In the wake of devastating Super Typhoon Yutu, the Navy diverted the amphibious warship Ashland, ordered her crew to embark the 31st Marine Expeditionary Unit on Okinawa, and then rushed south to save the ravaged island of Tinian.

On Oct. 25, the Category 5 storm tore across the southern slab of Saipan but speared directly into Tinian, part of the Commonwealth of the Northern Marianas Islands.

Operating about 100 miles away out of Guam, Coast Guard cutters, the “Island Knights” of Helicopter Sea Combat Squadron 25 and detachment of Seabees immediately began helping thousands of Americans without electricity, water or shelter. But far more aid was needed, so the 7th Fleet in Japan took the rescue call.

Rear Adm. Brad Cooper, the commander of Amphibious Force 7th Fleet, directed the Ashland to return to the Marianas. It wasn’t an unknown island on the map. Cooper, the Ashland and the MEU had just left.

Cooper led the military’s recovery operations on the nearby island of Rota after Typhoon Mangkhut walloped it on Sept. 10.

“Having seen the extreme damage caused by the typhoon on both Tinian and Saipan, I couldn’t be prouder of all the work that our sailors and Marines are doing to help our fellow American citizens,” said Cooper in a Saturday email to Navy Times.

Yutu’s devastation was far worse, but the Marines on the ground say ongoing relief efforts are helping.

“The people of Tinian are very resilient. The super typhoon had devastating effects on the island,” said 2nd Lt. Maxwell Bennett, spokesman for the 31st MEU, in a Saturday night statement to Navy Times. "Landscape and the infrastructure had been ripped from the foundations and strewn everywhere. The majority of power lines across the island had been shattered and toppled.

"However, the landscape has completely changed over the course of five days of debris clean-up. The roads are cleared, people now have access to clean water and gasoline. There has been a dramatic change in atmosphere as well, people are beginning to go back outside and utilize their roads again. Those without homes have already started receiving temporary tents for shelter. Overall, the clean-up process has drastically improved the living conditions for every person living on Tinian.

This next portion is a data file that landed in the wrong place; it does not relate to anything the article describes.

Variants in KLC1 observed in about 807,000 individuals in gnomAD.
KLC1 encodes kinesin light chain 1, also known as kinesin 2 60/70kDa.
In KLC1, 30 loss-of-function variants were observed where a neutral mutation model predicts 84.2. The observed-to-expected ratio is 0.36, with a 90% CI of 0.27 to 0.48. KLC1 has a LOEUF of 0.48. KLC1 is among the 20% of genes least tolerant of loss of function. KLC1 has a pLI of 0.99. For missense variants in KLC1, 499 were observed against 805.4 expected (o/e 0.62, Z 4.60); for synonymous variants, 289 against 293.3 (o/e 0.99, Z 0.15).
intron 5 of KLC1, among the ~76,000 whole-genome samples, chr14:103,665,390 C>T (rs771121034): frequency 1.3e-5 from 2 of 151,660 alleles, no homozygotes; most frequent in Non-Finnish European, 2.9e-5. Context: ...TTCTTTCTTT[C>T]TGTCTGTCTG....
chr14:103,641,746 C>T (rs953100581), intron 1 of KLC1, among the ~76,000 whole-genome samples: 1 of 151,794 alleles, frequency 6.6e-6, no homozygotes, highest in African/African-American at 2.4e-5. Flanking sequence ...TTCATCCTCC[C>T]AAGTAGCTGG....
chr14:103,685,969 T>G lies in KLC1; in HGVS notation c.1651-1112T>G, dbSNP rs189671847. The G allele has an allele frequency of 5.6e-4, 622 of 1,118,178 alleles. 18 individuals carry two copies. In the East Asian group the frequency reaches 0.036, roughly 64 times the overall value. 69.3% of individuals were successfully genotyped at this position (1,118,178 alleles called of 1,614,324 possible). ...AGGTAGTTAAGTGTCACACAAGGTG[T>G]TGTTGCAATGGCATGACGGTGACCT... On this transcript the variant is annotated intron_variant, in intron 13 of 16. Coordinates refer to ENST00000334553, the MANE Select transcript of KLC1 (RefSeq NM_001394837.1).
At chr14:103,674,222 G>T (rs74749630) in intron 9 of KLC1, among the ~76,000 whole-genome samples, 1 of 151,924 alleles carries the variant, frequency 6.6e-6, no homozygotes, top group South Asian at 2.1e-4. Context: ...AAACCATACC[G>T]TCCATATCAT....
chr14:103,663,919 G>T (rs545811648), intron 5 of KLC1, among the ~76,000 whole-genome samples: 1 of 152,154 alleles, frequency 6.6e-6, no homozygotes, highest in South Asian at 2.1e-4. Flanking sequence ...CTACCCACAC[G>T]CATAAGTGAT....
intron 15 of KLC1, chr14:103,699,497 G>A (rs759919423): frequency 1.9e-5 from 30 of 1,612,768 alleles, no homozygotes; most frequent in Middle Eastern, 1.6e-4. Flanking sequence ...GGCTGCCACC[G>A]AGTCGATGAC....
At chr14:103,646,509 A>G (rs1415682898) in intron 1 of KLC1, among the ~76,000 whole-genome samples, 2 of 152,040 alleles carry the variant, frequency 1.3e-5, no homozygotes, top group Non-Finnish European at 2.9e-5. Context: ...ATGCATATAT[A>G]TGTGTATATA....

The MEU’s commander, Col. Robert “Bams” Brodie, is helming all Department of Defense efforts on Tinian, including coordinating with Naval Mobile Construction Battalion 1, the Pacific Air Forces and personnel from the Army Corps of Engineers on the island.

One of his best tools is the Ashland, the eighth and the last of the Whidbey Island-class dock landing ships to be commissioned 26 years ago.

Her two landing craft utility vessels from Navy Beach Unit 7 already have delivered almost 50 vehicles to the 31st MEU, according to Capt. Jim McGovern, the commodore for Amphibious Squadron 11.

The Ashland will now start "serving as a lily pad to refuel helicopters, extending their range and reducing transit times” while also ferrying equipment for the Guam Army National Guard, he added.

If needed, the warship can make potable water, too. It all depends on what the Federal Emergency Management Agency and Commonwealth officials ask the Navy to provide.

“This is an important mission and we are privileged to be supporting our fellow citizens,” McGovern said.

Prine came to Navy Times after stints at the San Diego Union-Tribune and Pittsburgh Tribune-Review. He served in the Marine Corps and the Pennsylvania Army National Guard. His awards include the Joseph Galloway Award for Distinguished Reporting on the military, a first prize from Investigative Reporters & Editors and the Combat Infantryman Badge.

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